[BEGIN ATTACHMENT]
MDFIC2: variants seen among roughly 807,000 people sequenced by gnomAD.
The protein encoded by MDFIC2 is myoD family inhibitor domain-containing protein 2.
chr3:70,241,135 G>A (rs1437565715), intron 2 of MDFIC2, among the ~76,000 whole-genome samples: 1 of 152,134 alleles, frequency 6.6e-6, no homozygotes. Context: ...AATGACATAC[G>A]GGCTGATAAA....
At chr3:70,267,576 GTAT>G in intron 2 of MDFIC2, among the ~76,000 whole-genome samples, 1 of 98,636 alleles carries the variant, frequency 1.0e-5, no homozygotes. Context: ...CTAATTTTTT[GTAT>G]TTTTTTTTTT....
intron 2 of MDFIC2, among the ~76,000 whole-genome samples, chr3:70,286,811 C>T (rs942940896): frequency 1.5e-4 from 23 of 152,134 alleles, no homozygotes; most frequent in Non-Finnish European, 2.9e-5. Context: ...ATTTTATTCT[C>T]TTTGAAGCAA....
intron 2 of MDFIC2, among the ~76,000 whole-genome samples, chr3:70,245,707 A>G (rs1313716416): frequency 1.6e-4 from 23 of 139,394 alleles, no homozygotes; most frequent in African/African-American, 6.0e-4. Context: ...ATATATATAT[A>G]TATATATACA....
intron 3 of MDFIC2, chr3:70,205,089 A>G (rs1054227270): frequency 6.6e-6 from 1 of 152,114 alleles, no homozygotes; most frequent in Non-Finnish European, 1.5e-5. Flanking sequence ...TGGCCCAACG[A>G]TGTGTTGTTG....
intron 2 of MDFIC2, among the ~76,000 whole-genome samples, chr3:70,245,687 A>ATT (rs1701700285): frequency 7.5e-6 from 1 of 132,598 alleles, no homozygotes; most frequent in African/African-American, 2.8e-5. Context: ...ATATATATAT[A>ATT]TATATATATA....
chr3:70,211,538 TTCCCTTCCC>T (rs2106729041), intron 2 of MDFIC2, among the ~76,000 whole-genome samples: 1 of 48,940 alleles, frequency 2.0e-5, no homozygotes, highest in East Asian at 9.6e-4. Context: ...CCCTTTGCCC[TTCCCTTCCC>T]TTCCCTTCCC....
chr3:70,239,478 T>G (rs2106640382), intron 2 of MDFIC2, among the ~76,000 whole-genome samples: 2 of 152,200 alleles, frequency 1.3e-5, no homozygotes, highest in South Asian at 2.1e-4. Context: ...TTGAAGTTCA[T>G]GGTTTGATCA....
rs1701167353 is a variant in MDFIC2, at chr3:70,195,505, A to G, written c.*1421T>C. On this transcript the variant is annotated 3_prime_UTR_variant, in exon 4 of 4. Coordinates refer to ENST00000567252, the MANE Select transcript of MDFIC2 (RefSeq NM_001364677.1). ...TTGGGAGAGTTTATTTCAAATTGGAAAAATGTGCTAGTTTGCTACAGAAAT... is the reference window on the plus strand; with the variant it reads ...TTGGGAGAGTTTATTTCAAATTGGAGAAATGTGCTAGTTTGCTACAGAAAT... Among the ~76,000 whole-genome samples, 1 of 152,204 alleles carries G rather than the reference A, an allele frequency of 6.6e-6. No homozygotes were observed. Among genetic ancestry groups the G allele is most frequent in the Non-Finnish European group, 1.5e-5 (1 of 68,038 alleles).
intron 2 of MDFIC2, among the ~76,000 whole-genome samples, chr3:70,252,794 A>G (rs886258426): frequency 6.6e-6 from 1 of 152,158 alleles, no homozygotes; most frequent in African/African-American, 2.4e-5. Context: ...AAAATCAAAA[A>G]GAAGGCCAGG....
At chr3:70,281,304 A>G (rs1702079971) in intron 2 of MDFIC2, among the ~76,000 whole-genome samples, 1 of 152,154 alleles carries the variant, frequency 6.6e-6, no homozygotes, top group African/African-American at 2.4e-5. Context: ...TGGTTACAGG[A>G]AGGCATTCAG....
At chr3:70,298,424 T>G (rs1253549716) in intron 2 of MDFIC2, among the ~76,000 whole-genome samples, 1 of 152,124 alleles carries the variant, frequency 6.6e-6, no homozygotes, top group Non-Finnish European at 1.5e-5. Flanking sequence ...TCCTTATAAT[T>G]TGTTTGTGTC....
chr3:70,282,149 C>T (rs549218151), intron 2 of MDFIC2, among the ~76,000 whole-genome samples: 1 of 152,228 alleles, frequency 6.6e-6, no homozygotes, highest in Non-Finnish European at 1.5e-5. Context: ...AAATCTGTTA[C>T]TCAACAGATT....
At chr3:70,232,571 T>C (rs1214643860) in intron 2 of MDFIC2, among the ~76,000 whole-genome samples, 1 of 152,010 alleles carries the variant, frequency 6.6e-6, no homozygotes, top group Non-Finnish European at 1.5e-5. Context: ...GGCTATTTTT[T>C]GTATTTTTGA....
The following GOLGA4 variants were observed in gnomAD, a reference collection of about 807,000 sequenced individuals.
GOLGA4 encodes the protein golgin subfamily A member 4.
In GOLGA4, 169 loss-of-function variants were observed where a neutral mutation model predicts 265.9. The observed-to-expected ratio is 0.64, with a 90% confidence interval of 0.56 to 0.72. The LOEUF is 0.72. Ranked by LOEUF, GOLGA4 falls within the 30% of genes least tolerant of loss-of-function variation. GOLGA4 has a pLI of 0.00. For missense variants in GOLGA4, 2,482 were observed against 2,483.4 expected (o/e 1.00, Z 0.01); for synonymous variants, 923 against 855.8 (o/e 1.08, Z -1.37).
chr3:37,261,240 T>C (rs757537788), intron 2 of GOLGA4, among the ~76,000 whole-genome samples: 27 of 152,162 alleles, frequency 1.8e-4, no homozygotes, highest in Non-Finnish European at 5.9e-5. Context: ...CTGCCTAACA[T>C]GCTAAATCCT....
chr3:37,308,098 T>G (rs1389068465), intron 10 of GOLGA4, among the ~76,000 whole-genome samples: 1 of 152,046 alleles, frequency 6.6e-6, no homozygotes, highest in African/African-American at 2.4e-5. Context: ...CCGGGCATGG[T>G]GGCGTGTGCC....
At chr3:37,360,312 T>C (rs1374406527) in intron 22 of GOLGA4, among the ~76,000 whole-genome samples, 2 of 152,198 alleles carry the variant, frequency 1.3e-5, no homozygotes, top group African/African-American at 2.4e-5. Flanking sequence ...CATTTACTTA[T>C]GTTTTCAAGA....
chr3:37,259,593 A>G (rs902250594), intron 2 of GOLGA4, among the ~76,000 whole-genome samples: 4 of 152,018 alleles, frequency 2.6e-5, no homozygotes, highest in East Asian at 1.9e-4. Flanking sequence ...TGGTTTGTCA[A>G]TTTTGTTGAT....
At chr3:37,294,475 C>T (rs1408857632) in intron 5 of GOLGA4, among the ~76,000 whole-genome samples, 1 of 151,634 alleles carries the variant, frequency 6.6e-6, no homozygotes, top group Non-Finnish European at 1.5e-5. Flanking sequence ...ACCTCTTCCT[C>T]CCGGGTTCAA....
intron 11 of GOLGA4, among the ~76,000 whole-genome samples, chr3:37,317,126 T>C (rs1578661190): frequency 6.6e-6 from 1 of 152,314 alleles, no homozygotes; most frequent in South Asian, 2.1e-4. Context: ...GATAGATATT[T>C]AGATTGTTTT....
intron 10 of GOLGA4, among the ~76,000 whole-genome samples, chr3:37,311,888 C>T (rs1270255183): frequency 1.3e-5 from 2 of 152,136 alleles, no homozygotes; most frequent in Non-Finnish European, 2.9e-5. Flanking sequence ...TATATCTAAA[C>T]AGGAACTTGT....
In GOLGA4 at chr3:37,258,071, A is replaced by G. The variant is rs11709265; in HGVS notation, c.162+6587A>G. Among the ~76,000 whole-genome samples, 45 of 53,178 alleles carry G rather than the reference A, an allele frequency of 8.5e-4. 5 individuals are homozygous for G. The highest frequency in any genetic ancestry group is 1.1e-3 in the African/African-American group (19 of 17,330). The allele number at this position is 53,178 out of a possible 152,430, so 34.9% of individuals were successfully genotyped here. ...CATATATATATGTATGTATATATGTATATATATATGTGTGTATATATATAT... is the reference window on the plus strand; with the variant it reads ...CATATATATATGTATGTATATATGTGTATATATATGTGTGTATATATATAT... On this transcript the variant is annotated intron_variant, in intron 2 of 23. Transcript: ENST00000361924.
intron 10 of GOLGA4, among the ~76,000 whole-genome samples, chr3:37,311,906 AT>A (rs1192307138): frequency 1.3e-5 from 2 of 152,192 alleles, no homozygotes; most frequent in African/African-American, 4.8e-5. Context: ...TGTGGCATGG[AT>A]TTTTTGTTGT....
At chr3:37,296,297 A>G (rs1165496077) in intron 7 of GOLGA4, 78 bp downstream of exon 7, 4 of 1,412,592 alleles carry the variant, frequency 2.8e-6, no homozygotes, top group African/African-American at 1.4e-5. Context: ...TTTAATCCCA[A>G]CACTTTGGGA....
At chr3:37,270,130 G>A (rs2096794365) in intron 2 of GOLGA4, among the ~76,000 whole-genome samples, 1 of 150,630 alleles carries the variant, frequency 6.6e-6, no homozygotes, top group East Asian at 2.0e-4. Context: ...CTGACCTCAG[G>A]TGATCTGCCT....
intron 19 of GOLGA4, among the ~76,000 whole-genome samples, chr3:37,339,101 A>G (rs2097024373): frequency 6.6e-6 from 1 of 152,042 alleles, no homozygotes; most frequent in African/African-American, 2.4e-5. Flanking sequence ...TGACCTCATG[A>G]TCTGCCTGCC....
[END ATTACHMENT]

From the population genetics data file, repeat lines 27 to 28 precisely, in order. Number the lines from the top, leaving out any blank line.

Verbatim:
In GOLGA4 at chr3:37,258,071, A is replaced by G. The variant is rs11709265; in HGVS notation, c.162+6587A>G. Among the ~76,000 whole-genome samples, 45 of 53,178 alleles carry G rather than the reference A, an allele frequency of 8.5e-4. 5 individuals are homozygous for G. The highest frequency in any genetic ancestry group is 1.1e-3 in the African/African-American group (19 of 17,330). The allele number at this position is 53,178 out of a possible 152,430, so 34.9% of individuals were successfully genotyped here. ...CATATATATATGTATGTATATATGTATATATATATGTGTGTATATATATAT... is the reference window on the plus strand; with the variant it reads ...CATATATATATGTATGTATATATGTGTATATATATGTGTGTATATATATAT... On this transcript the variant is annotated intron_variant, in intron 2 of 23. Transcript: ENST00000361924.
intron 10 of GOLGA4, among the ~76,000 whole-genome samples, chr3:37,311,906 AT>A (rs1192307138): frequency 1.3e-5 from 2 of 152,192 alleles, no homozygotes; most frequent in African/African-American, 4.8e-5. Context: ...TGTGGCATGG[AT>A]TTTTTGTTGT....